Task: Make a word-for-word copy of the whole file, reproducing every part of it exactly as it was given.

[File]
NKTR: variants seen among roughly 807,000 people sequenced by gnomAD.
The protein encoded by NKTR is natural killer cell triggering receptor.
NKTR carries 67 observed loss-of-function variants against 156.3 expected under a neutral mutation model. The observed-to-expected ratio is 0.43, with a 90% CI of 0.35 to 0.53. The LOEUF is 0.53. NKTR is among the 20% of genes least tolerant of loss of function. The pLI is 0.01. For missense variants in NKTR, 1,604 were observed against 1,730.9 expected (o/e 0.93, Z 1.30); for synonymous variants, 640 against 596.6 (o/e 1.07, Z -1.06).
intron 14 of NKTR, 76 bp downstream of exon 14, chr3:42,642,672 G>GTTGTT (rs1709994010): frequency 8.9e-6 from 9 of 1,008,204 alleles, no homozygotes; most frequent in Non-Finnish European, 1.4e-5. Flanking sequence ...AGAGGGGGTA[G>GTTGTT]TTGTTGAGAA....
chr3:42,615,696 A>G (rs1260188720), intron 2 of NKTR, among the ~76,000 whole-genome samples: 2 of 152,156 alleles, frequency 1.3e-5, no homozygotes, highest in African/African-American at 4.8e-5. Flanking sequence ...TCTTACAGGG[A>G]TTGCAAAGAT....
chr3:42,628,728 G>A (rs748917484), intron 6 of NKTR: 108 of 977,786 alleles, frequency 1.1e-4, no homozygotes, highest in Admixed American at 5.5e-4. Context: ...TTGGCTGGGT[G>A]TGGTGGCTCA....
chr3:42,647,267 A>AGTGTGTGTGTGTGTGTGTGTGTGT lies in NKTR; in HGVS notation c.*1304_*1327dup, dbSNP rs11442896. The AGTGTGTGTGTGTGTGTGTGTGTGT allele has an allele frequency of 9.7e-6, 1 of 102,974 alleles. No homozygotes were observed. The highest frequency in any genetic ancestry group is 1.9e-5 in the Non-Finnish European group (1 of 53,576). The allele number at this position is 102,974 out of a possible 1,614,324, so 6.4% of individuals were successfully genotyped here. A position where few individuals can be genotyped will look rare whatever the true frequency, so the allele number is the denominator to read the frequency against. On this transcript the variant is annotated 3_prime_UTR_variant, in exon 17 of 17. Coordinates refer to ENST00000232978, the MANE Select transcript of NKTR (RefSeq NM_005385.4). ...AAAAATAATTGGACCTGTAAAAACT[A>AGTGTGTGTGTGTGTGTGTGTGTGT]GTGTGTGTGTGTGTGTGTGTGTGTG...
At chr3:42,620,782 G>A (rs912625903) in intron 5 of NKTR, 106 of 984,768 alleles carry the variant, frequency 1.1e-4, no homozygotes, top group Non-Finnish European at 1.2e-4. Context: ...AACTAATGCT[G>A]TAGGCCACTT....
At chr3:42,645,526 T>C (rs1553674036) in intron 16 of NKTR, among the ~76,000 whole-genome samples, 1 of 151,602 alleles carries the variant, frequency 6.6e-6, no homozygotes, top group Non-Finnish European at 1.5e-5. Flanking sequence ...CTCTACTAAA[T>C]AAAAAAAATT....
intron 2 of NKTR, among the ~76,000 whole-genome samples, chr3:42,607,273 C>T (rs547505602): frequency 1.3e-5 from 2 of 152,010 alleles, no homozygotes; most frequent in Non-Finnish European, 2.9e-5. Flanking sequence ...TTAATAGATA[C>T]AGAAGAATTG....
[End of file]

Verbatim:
NKTR: variants seen among roughly 807,000 people sequenced by gnomAD.
The protein encoded by NKTR is natural killer cell triggering receptor.
NKTR carries 67 observed loss-of-function variants against 156.3 expected under a neutral mutation model. The observed-to-expected ratio is 0.43, with a 90% CI of 0.35 to 0.53. The LOEUF is 0.53. NKTR is among the 20% of genes least tolerant of loss of function. The pLI is 0.01. For missense variants in NKTR, 1,604 were observed against 1,730.9 expected (o/e 0.93, Z 1.30); for synonymous variants, 640 against 596.6 (o/e 1.07, Z -1.06).
intron 14 of NKTR, 76 bp downstream of exon 14, chr3:42,642,672 G>GTTGTT (rs1709994010): frequency 8.9e-6 from 9 of 1,008,204 alleles, no homozygotes; most frequent in Non-Finnish European, 1.4e-5. Flanking sequence ...AGAGGGGGTA[G>GTTGTT]TTGTTGAGAA....
chr3:42,615,696 A>G (rs1260188720), intron 2 of NKTR, among the ~76,000 whole-genome samples: 2 of 152,156 alleles, frequency 1.3e-5, no homozygotes, highest in African/African-American at 4.8e-5. Flanking sequence ...TCTTACAGGG[A>G]TTGCAAAGAT....
chr3:42,628,728 G>A (rs748917484), intron 6 of NKTR: 108 of 977,786 alleles, frequency 1.1e-4, no homozygotes, highest in Admixed American at 5.5e-4. Context: ...TTGGCTGGGT[G>A]TGGTGGCTCA....
chr3:42,647,267 A>AGTGTGTGTGTGTGTGTGTGTGTGT lies in NKTR; in HGVS notation c.*1304_*1327dup, dbSNP rs11442896. The AGTGTGTGTGTGTGTGTGTGTGTGT allele has an allele frequency of 9.7e-6, 1 of 102,974 alleles. No homozygotes were observed. The highest frequency in any genetic ancestry group is 1.9e-5 in the Non-Finnish European group (1 of 53,576). The allele number at this position is 102,974 out of a possible 1,614,324, so 6.4% of individuals were successfully genotyped here. A position where few individuals can be genotyped will look rare whatever the true frequency, so the allele number is the denominator to read the frequency against. On this transcript the variant is annotated 3_prime_UTR_variant, in exon 17 of 17. Coordinates refer to ENST00000232978, the MANE Select transcript of NKTR (RefSeq NM_005385.4). ...AAAAATAATTGGACCTGTAAAAACT[A>AGTGTGTGTGTGTGTGTGTGTGTGT]GTGTGTGTGTGTGTGTGTGTGTGTG...
At chr3:42,620,782 G>A (rs912625903) in intron 5 of NKTR, 106 of 984,768 alleles carry the variant, frequency 1.1e-4, no homozygotes, top group Non-Finnish European at 1.2e-4. Context: ...AACTAATGCT[G>A]TAGGCCACTT....
At chr3:42,645,526 T>C (rs1553674036) in intron 16 of NKTR, among the ~76,000 whole-genome samples, 1 of 151,602 alleles carries the variant, frequency 6.6e-6, no homozygotes, top group Non-Finnish European at 1.5e-5. Flanking sequence ...CTCTACTAAA[T>C]AAAAAAAATT....
intron 2 of NKTR, among the ~76,000 whole-genome samples, chr3:42,607,273 C>T (rs547505602): frequency 1.3e-5 from 2 of 152,010 alleles, no homozygotes; most frequent in Non-Finnish European, 2.9e-5. Flanking sequence ...TTAATAGATA[C>T]AGAAGAATTG....